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Mobile ESS in 3 weeks – How to get the most out of your existing solution

Yes you read that title right. 3 weeks. I can scarcely believe it myself, but it’s true. The most pertinent question to follow on from that statement is HOW???? This is what I’ll be covering in this blog so that quick wins can be achieved by all.

Let me give you a little background on how I came to this point. We implemented ESS/MSS in August 2010 as part of a major HR implementation at large postal company based in Australia. ESS/MSS was rolled out to about 8,000 users out of approximately 30,000 in the organization (this is because many of our employees don’t have convenient access to a PC, having to deliver mail and all). The ESS services included leave, payslip, payment summary and personal information among other items.

The leave application in ESS was a custom application designed to best fit our complex leave scenarios. Because ESS was only available to a subset of the organization, a lot of employees who had no regular access to computers were not able to benefit from this solution. A gap was identified with the operational employees where they had to request leave through paper forms and were not able to view their balance.

This provided the impetus to trial a mobile solution that would leverage the existing ESS functionality. The plan was to provide a mobile solution that would enable a user to request leave, check their leave balance as well as view their leave history. This in turn would reduce the dependency on their manager to provide that information, and remove the reliance on paper forms.

Online payslip information was also not available to employees without ESS; they received a paper version in the mail. The operational side of the business was very keen for this functionality to be made available in the mobile ESS solution as well.

We decided to serve up the mobile application through a browser as opposed to a standard SAP app due to the following reasons:

  • Tight timeframe
  • Trial basis
  • Standard SAP apps does not support public sector leave or payslips
  • Cost to build on existing framework was cheaper than the cost to setup and install SAP standard framework

So here we have our starting point. We had services in ESS that could be leveraged in the mobile version, so business logic was pretty much taken care of. The next step was to adapt the mobile solution to incorporate that functionality. But before we did that, we had to plan our architecture of the solution.

Below is a diagram of how the technical architecture of the solution would work:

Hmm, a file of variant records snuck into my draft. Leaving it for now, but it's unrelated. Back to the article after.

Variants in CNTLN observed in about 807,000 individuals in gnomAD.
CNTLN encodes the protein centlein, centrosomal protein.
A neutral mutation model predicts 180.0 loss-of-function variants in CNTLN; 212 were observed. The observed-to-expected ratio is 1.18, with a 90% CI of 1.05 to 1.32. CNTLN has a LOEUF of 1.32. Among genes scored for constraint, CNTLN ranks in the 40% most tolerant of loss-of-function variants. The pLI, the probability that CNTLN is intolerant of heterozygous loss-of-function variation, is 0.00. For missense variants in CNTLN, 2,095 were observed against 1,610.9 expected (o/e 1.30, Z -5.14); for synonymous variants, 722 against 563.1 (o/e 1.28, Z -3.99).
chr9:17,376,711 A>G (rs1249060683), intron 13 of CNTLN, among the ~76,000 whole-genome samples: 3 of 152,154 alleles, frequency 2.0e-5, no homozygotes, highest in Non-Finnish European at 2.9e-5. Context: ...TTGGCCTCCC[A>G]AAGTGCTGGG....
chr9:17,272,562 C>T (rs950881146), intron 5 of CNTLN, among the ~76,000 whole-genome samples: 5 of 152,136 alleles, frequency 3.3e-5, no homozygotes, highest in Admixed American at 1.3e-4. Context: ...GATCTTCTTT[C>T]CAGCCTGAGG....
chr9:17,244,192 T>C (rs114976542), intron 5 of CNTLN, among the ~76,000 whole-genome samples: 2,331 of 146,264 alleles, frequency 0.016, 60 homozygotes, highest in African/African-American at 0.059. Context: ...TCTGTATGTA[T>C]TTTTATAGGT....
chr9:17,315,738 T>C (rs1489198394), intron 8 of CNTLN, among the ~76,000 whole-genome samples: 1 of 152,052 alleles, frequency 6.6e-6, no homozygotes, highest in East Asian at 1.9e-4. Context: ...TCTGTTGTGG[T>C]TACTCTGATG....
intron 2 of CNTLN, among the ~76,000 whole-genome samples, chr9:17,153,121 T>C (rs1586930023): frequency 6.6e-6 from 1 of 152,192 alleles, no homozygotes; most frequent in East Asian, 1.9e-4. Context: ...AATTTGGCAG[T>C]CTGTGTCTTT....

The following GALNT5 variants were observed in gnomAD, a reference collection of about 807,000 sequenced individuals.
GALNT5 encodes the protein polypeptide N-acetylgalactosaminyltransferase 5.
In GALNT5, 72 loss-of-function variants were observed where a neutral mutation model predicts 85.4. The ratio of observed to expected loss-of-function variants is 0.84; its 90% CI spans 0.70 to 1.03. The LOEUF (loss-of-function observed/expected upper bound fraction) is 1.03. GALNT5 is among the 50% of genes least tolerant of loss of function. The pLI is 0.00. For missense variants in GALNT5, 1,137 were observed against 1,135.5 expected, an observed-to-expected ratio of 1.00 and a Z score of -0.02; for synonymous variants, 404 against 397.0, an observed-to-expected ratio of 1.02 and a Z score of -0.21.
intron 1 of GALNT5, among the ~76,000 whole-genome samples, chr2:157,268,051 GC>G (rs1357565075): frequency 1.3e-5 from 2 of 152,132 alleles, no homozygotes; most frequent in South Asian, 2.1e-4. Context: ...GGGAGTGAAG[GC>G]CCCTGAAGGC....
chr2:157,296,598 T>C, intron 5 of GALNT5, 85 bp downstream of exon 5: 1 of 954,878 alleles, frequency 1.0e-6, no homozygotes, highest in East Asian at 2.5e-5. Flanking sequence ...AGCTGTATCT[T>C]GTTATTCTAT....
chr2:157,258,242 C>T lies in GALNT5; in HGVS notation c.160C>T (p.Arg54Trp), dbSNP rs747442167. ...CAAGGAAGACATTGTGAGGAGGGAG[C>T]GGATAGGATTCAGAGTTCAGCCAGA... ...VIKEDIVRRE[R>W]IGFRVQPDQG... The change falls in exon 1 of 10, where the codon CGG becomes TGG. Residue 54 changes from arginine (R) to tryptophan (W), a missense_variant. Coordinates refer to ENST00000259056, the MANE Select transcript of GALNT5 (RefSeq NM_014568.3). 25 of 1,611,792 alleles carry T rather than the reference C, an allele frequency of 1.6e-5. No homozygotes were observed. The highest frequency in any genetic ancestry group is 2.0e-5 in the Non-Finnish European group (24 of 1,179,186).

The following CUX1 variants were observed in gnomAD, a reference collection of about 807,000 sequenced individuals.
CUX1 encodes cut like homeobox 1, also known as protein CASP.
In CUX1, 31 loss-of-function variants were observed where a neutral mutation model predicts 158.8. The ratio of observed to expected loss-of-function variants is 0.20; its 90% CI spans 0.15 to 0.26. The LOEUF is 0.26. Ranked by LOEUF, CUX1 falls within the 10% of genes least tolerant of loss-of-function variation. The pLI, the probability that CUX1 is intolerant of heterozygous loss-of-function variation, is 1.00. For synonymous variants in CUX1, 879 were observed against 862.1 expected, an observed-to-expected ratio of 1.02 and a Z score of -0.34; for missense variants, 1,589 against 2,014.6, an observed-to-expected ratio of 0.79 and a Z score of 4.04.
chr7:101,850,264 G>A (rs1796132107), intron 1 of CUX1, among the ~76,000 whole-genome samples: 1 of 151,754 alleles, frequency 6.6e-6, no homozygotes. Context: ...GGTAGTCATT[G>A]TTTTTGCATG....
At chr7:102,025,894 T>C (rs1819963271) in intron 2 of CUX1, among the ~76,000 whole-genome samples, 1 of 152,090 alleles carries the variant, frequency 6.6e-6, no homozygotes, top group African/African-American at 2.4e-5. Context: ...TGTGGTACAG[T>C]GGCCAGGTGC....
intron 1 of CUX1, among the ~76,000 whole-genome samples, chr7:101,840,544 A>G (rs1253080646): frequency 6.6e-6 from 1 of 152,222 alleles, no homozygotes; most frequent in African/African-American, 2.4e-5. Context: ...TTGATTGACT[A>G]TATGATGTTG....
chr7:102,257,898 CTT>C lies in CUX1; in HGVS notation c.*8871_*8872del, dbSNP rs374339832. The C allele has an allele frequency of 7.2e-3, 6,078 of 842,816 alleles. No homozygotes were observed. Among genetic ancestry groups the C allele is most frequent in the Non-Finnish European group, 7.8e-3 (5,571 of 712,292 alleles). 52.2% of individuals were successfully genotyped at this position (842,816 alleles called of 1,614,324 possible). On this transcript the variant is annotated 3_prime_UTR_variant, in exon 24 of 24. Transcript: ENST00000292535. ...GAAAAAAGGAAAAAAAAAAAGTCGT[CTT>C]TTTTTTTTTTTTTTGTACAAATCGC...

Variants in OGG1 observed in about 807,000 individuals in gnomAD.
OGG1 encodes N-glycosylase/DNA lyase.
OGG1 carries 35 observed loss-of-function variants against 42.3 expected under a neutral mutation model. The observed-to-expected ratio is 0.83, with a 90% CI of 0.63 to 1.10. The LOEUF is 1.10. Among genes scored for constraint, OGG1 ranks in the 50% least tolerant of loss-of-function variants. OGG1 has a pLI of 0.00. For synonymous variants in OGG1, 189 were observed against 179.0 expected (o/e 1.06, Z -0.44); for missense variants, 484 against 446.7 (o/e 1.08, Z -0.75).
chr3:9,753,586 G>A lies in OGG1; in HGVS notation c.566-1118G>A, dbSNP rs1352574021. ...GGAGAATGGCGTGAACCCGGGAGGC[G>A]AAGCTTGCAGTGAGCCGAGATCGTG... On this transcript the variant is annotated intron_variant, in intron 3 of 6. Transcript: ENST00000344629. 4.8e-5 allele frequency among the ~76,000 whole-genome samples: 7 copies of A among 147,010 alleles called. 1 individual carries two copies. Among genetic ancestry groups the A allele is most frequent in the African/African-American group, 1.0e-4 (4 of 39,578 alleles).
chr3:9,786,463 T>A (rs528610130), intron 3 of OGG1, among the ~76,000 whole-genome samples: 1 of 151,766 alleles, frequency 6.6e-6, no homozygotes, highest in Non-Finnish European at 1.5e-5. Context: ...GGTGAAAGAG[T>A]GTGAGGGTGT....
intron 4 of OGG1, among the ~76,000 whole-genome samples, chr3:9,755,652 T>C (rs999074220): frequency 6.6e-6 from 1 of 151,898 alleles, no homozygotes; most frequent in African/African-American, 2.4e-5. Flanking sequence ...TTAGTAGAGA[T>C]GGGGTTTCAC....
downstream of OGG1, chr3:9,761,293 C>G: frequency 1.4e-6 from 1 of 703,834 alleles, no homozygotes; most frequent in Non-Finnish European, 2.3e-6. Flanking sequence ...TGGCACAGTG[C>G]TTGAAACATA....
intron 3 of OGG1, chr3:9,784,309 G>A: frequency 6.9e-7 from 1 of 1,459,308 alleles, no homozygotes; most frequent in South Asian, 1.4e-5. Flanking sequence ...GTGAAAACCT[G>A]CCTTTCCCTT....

Mobile ESS Technical Architecture.jpg

This architecture was pioneered at Post by Sascha Wenninger and has been introduced for desktop browser solutions as well as mobile. The idea is to have a framework that is agnostic to the UI rendering so it could be reused in many different ways. In our case we chose to use a JSON format to return the data since it is lean and fast, but the framework is also capable of returning data in pdf or csv format. This framework was built on top of work by DJ Adams and Uwe Fetzer.

With the architecture designed, here are the technical steps that were involved in putting everything in place:
1. Create web service nodes in SICF

Maintain service_2012-08-07_15-52-10.jpg

2. Create handler class for each web service to hold the processing logic and tie it to the web service. The class makes use of interface IF_HTTP_EXTENSION.

CreateChange a Service_2012-08-07_15-52-43.jpg

3. Create BSP to hold the HTML and calls to the web services. This BSP is purely to serve up static HTML (UI) and JavaScript with JQuery Mobile.

Web Application Builder Display Page ZESSMOBILEAPP_2012-08-07_15-53-34.jpg

On top of that, we also used the portal as the authentication tool to the SAP system. We did this by creating an alternative login page just for this mobile application that would use the SSO cookie provided by the portal to authenticate against the backend. See below a video of the application (dummy data is being used):

Couple of pain points with this solution:

  • Since the SAP systems are all behind the firewall, using this application required use of VPN client on the device. This authenticates into the VPN network, but they also had to login to the portal KM page to achieve SSO into SAP, so a 2 step login process was involved. Not ideal for long term but we worked with what we had. A true mobile solution would leverage off an external facing system if it was to be browser based
  • Because we had to use VPN, users had to be setup with a VPN account

Having said that, the next step is to setup external access via secure reverse proxies so that the mobile app could be accessed easily. We stayed with the 2 step access path as it was quicker and brought us closer to the goal of building momentum for mobility.

However, here are the benefits to this model:

  • Quick deployment as all objects that had to be created or changed were in the SAP space
  • Changes would be automatically shown on devices when the change hit production
  • Using existing functionality reduced the time required for the business logic
  • Application delivered through the browser meant that it could potentially be used by any mobile device with internet capability – Android, iPhone, iPad or even PCs.

I hope this blog has helped give you a different perspective to how mobile applications can be deployed and gives you the inspiration to try it out.

Almost everything here is based on John Moy‘s blog here.

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  • Great job with this blog Joanna and I think there is a real appetite for SAP customers “to get the most out of their existing system” without having to pay for additional licensing.

  • What a great little app! Looks to run much faster than the sap provided leave request app (which we’ve been testing) with all the other sap mobile infrastructure in the way…   😉

    Couple of questions:

    1) When a user wanted to use the app did they just have a url to click on (saved as a home screen icon) or was this wrapped in phonegap?

    2) Authentication: when the user launched the app did the phone ask for network login (for vpn) and then the sap login – ie the two stage authentication you spoke about above?

    3) Just wondering how you got it to use the portal security. The app was in the BSP. In sicf did you point the BSP’s login page to a static html page in Portal KM? Thereby- the portal auto handled the logon and sso into sap, etc?

    Thanks for the blog.


    • Hi Jason,

      Yes it runs very fast because of the architecture. Answers to your questions:

      1) We embedded a home icon for them to save to their home screen. However initially they were given a URL in an SMS and just opened that directly

      2) Yes VPN login then portal/SAP login

      3) We had a KM file hosted in the portal which was pretty much a html that calls the BSP. We required the system name as a URL parameter so it could direct to the system. Calling the KM page triggered a logon and therefore SSO